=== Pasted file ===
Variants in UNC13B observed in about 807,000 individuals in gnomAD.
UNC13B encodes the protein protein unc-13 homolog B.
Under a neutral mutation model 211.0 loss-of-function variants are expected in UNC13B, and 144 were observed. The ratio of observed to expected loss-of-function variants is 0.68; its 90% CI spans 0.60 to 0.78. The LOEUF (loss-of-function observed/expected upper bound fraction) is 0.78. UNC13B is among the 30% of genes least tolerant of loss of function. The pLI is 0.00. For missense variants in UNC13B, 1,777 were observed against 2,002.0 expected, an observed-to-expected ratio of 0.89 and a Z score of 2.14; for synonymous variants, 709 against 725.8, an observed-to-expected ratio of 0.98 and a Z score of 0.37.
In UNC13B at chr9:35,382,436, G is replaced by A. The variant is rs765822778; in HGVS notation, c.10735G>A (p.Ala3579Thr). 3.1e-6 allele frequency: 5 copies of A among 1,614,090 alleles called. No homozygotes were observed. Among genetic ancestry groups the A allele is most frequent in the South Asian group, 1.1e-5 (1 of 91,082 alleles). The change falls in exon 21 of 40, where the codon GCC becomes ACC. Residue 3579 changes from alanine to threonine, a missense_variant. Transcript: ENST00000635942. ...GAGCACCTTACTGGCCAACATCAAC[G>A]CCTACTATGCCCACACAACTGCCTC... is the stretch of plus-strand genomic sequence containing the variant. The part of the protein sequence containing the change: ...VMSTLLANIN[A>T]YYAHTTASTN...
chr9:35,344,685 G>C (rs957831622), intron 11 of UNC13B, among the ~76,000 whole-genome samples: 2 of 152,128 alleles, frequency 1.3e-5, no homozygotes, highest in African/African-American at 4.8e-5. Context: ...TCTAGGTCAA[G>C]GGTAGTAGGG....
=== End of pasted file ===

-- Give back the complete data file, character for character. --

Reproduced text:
Variants in UNC13B observed in about 807,000 individuals in gnomAD.
UNC13B encodes the protein protein unc-13 homolog B.
Under a neutral mutation model 211.0 loss-of-function variants are expected in UNC13B, and 144 were observed. The ratio of observed to expected loss-of-function variants is 0.68; its 90% CI spans 0.60 to 0.78. The LOEUF (loss-of-function observed/expected upper bound fraction) is 0.78. UNC13B is among the 30% of genes least tolerant of loss of function. The pLI is 0.00. For missense variants in UNC13B, 1,777 were observed against 2,002.0 expected, an observed-to-expected ratio of 0.89 and a Z score of 2.14; for synonymous variants, 709 against 725.8, an observed-to-expected ratio of 0.98 and a Z score of 0.37.
In UNC13B at chr9:35,382,436, G is replaced by A. The variant is rs765822778; in HGVS notation, c.10735G>A (p.Ala3579Thr). 3.1e-6 allele frequency: 5 copies of A among 1,614,090 alleles called. No homozygotes were observed. Among genetic ancestry groups the A allele is most frequent in the South Asian group, 1.1e-5 (1 of 91,082 alleles). The change falls in exon 21 of 40, where the codon GCC becomes ACC. Residue 3579 changes from alanine to threonine, a missense_variant. Transcript: ENST00000635942. ...GAGCACCTTACTGGCCAACATCAAC[G>A]CCTACTATGCCCACACAACTGCCTC... is the stretch of plus-strand genomic sequence containing the variant. The part of the protein sequence containing the change: ...VMSTLLANIN[A>T]YYAHTTASTN...
chr9:35,344,685 G>C (rs957831622), intron 11 of UNC13B, among the ~76,000 whole-genome samples: 2 of 152,128 alleles, frequency 1.3e-5, no homozygotes, highest in African/African-American at 4.8e-5. Context: ...TCTAGGTCAA[G>C]GGTAGTAGGG....